Primary storage has two key functions, to deliver data as fast as possible to the applications and users requesting it, and to maintain data accessibility in the event of a hardware failure. Primary storage vendors have attempted to expand their role beyond those two key functions, leading some to claim that they are self-protecting primary storage and can displace the backup process.
There is a standard that all data protection processes must meet, the 3-2-1 rule. It states that a solid data protection strategy must have at least three copies of data, on two different pieces of media, with one copy off-site. Primary storage vendors will claim that a combination of snapshots and replication enables them to meet these challenges.
Dissecting the 3-2-1 rule
The first part of the 3-2-1 rule is three copies of data. Note, this is not three versions of data, which is essentially what a snapshot provides. Three copies means, three independent and complete copies of the same data. Snapshots are totally dependent on primary storage. If it fails, so do all the snapshots. In theory part of the “three” could be met by storing two complete copies on the same storage system but that is not best practice. The spirit of the three is three independent copies on three separate storage systems.
For a primary storage system to meet the “Rule of Three” requirement it needs to take a snapshot and replicate that snapshot to two separate storage systems, which also enables it to meet the “Rule of Two.” Most primary storage systems have a snapshot and replication feature, and they can even have different snapshot schedules on each system, giving them multi-versioning. If the storage system then replicates data off-site, they then meet the “Rule of Three” and the “Rule of 1”, which is one copy off-site.
While many primary storage systems can meet the basics of the 3-2-1 rule, they do so with a lot of problems. The first is the expense. Most primary storage systems can only replicate to another storage system identical to itself. In the case of an all-flash array, replicating to an identical system means the organization has to buy three flash arrays.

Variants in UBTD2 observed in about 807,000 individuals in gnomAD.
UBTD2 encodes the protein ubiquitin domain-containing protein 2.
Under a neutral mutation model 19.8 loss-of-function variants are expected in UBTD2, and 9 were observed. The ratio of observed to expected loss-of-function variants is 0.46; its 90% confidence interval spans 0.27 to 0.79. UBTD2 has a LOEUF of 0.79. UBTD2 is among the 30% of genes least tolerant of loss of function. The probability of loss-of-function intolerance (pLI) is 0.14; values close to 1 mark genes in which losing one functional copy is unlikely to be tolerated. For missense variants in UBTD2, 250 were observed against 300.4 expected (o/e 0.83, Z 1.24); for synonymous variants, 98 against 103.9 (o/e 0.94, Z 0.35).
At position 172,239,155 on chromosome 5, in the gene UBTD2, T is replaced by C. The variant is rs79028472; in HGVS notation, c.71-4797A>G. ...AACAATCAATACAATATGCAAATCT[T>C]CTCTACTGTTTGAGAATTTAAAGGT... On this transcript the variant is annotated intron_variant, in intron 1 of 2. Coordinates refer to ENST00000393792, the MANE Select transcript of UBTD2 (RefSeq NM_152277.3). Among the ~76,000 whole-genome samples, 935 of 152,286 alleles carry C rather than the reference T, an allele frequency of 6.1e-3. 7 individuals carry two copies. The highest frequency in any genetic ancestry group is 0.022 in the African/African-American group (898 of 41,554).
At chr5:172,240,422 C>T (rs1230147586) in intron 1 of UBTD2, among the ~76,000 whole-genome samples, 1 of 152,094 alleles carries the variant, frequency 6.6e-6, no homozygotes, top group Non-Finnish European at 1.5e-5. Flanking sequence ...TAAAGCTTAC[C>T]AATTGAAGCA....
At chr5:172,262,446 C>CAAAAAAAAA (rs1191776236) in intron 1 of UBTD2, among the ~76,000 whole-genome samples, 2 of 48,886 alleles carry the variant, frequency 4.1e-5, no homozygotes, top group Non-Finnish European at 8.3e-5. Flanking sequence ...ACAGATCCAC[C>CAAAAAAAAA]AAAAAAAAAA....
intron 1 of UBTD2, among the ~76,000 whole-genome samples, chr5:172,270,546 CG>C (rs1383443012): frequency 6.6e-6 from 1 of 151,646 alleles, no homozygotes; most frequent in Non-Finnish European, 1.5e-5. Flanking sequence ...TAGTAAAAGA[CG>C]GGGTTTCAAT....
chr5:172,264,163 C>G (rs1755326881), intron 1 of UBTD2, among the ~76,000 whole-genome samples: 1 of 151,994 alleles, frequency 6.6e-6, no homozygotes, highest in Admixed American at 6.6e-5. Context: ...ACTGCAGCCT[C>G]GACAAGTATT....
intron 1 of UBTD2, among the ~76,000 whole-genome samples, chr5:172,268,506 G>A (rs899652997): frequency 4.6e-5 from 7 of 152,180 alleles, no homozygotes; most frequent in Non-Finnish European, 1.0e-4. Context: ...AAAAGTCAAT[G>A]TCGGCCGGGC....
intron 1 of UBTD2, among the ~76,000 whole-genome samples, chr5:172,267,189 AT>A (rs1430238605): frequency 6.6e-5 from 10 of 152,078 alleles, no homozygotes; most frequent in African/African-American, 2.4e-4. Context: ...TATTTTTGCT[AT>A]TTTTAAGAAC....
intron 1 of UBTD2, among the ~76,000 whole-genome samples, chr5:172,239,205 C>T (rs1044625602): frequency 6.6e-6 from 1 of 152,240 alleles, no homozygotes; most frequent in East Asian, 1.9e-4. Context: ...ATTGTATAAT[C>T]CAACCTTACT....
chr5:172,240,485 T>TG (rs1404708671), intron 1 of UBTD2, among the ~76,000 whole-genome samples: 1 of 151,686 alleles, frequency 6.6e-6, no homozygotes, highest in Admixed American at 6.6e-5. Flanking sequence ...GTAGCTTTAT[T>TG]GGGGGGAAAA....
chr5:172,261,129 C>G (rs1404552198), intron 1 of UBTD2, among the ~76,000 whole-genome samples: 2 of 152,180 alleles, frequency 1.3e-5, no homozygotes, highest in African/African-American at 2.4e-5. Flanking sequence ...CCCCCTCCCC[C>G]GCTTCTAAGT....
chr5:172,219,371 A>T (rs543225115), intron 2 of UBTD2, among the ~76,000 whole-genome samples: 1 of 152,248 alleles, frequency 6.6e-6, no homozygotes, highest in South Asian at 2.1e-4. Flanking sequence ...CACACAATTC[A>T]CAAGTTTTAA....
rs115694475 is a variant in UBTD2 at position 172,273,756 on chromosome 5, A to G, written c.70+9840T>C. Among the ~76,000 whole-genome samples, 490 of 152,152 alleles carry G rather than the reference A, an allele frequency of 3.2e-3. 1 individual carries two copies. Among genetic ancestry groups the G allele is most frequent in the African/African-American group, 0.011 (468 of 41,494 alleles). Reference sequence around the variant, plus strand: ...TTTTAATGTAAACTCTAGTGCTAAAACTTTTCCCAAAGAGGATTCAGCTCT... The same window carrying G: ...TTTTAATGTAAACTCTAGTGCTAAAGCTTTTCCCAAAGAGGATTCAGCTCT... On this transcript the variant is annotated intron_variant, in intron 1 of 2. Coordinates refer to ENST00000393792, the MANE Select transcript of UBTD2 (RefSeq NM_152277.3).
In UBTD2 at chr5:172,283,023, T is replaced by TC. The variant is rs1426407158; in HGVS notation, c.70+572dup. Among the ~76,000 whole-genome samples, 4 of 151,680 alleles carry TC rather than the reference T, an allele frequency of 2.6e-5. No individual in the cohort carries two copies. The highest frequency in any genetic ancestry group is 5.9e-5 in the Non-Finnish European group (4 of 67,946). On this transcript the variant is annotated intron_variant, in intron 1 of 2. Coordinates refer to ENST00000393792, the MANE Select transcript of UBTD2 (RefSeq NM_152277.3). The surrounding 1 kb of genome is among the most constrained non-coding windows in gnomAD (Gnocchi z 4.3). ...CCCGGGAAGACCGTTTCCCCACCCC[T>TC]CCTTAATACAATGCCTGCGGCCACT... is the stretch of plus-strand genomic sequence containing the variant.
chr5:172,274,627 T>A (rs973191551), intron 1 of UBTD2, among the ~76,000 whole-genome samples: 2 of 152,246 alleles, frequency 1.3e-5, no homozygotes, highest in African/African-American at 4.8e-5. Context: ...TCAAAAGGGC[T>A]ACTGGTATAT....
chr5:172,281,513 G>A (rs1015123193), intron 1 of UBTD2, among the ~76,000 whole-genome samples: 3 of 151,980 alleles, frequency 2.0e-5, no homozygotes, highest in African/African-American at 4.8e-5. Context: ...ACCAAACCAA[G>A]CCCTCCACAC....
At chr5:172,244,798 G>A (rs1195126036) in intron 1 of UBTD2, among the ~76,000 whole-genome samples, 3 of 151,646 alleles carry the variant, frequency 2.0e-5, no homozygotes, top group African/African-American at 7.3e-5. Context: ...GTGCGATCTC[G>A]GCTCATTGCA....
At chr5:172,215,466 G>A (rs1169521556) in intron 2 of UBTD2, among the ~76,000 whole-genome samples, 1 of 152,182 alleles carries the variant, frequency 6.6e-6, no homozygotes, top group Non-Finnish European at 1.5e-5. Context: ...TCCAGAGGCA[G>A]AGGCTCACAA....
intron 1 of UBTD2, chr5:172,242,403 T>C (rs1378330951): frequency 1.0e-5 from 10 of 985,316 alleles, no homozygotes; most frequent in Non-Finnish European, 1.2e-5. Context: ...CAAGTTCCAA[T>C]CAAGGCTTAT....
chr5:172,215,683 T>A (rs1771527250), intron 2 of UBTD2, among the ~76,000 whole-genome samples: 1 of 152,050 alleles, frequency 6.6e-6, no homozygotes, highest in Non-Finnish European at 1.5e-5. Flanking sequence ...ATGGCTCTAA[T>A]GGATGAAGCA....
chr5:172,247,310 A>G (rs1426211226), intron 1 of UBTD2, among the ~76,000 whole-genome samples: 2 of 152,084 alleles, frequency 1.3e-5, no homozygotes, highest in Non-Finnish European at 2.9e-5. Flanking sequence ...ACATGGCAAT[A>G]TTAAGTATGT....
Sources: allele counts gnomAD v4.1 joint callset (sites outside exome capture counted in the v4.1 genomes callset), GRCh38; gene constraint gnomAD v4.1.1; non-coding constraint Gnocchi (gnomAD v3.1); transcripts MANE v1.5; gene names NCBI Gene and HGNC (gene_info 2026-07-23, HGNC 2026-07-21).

The second problem is capacity. Most organizations leverage the backup process to restore previous versions of a file and to retain certain versions for a period of time. While most primary storage systems claim “unlimited” snapshots, in most cases maintaining a series of snapshots for years will eventually impact performance. It also consumes disk space since those changes need to be tracked until the snapshots eventually expire.
What IT Needs
If IT is going to invest in self-protecting primary storage it needs to make sure that the solution does not require the second copy of data to be stored on-premises. It also needs to avoid storing snapshot versions on primary storage.
In our on demand webinar, “How to Design Self-Protecting Storage and Gain Backup Independence”, Storage Switzerland and ClearSky Data describe an architecture that uses the public cloud in combination with a regional cloud to provide a cost effective and more simplistic approach to having primary storage meet the 3-2-1 rule. Three copies are kept, one on-premises, one in the regional cloud and one in the public cloud. Snapshots are maintained in the regional cloud and public cloud. The regional cloud and public cloud also provide an automatic off-site function. The result is not only better data protection but also a more affordable solution that reduces on-premises investment and footprint, while leveraging the regional and public cloud for long term data retention.
Interested in learning more? Access our on demand webinar with ClearSky Data, “How to Design Self-Protecting Storage and Gain Backup Independence”.